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Dungys speak about their ‘Uncommon Marriage’


Published:   |   Updated: February 8, 2014 at 10:22 PM

TAMPA — When former Tampa Bay Buccaneers coach Tony Dungy began volunteering at Grace Family Church in Lutz, the staff at first asked him to help direct traffic before and after worship services.

But he made things worse in the parking lot, said Craig Altman, the church’s lead pastor. Too many people wanted to stop and speak with him. “The problem was he created more traffic problems,” said Altman, smiling.

The church eventually gave him other jobs, and now he and his wife, Lauren Dungy, are there every weekend, greeting people and getting involved any way they can.

“They believe in a local church,” Altman said Saturday morning before the Dungys took the stage at the church to talk about their newest book, “Uncommon Marriage.”

The couple is so loyal to their “home church” that they made a special stop there during their book tour to share advice and lessons they learned during 31 years of marriage.

The couple have an uncommon marriage, Lauren Dungy told the crowd of about 1,000 people. But it’s not a perfect one.

“We certainly aren’t marriage experts,” she said.

During their talk, the couple spoke about how they maintained their relationship as they moved around the country for Tony Dungy’s job as an NFL player and coach while also raising nine children. They have a designated date night every week, and nights designated to spending time as a family.

“You have to really emphasize putting energy into that marriage,” Tony Dungy told the crowd.

Tony Dungy was head coach of the Bucs from 1996 until 2001. Then, while his family remained in Tampa, he became head coach of the Indianapolis Colts, where in 2007 he became the first black head coach to lead a team to a Super Bowl victory. He retired from coaching in 2009 and now works as an analyst for NBC’s “Football Night in America.”

Lauren Dungy said she was her husband’s biggest fan, whether he won or lost a game. And though it’s harder to forgive your spouse than it is to forgive a friend or a co-worker, holding onto grudges and arguing about little things doesn’t help a marriage. Fighting never gets a couple anywhere, she said.

“I’ve given him the silent treatment, but it doesn’t work,” she said. “I don’t think it bothers him.”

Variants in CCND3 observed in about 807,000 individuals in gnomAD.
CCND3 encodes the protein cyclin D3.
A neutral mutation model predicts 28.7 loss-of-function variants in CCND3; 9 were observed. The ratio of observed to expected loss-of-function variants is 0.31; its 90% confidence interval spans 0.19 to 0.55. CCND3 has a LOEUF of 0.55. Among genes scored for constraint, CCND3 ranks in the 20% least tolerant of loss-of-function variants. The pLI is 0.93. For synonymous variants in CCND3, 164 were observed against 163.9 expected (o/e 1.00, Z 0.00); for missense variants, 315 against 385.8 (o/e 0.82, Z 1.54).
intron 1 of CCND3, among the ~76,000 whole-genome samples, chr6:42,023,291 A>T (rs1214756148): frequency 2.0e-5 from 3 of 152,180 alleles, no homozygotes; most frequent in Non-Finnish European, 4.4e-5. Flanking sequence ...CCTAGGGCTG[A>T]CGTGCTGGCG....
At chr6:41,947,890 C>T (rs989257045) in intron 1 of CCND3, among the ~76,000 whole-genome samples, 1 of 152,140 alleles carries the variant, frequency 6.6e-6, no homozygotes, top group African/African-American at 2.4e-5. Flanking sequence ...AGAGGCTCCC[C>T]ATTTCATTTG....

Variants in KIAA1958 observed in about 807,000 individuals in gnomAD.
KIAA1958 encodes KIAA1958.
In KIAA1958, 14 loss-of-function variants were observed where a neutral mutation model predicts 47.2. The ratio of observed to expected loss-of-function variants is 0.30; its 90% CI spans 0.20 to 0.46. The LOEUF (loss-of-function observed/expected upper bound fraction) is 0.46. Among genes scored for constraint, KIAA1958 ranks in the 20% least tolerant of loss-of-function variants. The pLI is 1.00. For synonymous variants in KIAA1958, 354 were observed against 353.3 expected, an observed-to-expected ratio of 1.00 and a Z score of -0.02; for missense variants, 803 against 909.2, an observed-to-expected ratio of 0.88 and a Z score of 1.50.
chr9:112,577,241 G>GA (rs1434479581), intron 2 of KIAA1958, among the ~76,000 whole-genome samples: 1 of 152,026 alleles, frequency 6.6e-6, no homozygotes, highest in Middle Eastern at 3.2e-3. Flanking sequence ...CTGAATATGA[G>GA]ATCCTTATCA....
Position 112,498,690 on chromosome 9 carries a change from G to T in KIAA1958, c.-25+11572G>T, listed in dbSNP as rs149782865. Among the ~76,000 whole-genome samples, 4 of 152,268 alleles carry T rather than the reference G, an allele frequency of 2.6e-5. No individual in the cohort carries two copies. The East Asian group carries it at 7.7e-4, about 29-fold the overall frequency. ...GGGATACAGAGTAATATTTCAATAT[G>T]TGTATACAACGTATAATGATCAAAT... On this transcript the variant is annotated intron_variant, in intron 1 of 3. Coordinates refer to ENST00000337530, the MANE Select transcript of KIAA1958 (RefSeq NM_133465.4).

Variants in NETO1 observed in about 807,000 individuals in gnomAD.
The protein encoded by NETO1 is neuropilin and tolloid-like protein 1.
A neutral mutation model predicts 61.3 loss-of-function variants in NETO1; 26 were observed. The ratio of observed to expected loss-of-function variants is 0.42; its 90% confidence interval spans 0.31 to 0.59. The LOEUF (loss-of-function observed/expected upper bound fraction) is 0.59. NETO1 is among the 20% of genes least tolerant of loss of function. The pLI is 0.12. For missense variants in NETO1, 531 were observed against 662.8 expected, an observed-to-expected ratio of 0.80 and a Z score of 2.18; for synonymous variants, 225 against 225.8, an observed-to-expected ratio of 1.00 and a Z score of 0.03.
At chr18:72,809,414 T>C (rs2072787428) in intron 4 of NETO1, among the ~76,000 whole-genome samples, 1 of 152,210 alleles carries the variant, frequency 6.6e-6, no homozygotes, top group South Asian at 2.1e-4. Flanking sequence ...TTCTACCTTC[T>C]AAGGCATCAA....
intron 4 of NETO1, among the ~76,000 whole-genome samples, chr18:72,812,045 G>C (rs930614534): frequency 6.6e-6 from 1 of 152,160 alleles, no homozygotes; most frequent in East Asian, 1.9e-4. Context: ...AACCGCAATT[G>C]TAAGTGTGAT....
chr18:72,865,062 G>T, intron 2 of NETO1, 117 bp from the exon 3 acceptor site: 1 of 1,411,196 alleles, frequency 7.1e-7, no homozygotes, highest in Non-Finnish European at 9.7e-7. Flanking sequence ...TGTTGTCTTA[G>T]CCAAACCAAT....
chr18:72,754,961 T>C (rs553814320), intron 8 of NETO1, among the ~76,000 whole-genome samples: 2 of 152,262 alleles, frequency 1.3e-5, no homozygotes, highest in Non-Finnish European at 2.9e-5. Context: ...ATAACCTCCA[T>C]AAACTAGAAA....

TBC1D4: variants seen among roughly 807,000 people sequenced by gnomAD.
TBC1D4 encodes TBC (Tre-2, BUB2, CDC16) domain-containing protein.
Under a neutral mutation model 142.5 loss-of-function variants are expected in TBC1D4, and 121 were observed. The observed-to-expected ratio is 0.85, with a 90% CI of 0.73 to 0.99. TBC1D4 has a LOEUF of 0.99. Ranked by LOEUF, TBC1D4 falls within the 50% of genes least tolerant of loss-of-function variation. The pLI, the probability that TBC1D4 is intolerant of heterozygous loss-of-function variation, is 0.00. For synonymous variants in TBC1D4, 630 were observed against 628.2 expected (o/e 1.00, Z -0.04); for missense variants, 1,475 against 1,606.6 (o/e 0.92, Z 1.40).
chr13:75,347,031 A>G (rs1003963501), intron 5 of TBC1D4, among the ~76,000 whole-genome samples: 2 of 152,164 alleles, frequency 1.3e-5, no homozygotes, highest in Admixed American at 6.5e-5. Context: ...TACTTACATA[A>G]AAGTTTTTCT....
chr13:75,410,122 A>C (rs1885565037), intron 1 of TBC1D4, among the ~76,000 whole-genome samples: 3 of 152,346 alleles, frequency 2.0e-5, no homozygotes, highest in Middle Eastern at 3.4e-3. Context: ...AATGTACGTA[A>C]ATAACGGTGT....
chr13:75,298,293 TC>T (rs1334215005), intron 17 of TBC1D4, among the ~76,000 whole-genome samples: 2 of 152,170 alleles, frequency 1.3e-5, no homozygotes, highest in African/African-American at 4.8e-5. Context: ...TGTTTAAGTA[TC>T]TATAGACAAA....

Tony Dungy said he was speaking directly to the men in the room when he took the podium, after surprising his wife with a bouquet of roses and a photo montage of their years together.

A successful marriage takes more than flowers, he said, although those are important. Be willing to make sacrifices for your family, he told the crowd, and instead of complaining or being critical, encourage your wife to be a better person and she will do the same in return.

“Make those halftime adjustments and you can become the Christ-like husband that God intended you to be,” Tony Dungy said.

The 218-page “Uncommon Marriage,” is not the first book for either of the Dungys. Tony Dungy has written three other books and Lauren Dungy authored a bestselling children’s book.

They enjoyed working on this latest book together, Tony Dungy said after the discussion.

“It brought back a lot of memories,” he said. “We really talked about what was important.”

In the book, the couple addresses everything from Tony Dungy’s demanding career and public scrutiny, to adoption and how the suicide of their eldest son affected their marriage.

They wanted to “put themselves out there” and be transparent about their marriage in hopes they could help other couples experiencing the same things, Lauren Dungy said.

“We just wanted to show people that marriage is valuable, it is doable and it is worthwhile,” Tony Dungy said.

Ebehrman@Tampatrib.com

(813)259-7691

Twitter: @LizBehrmanTBO

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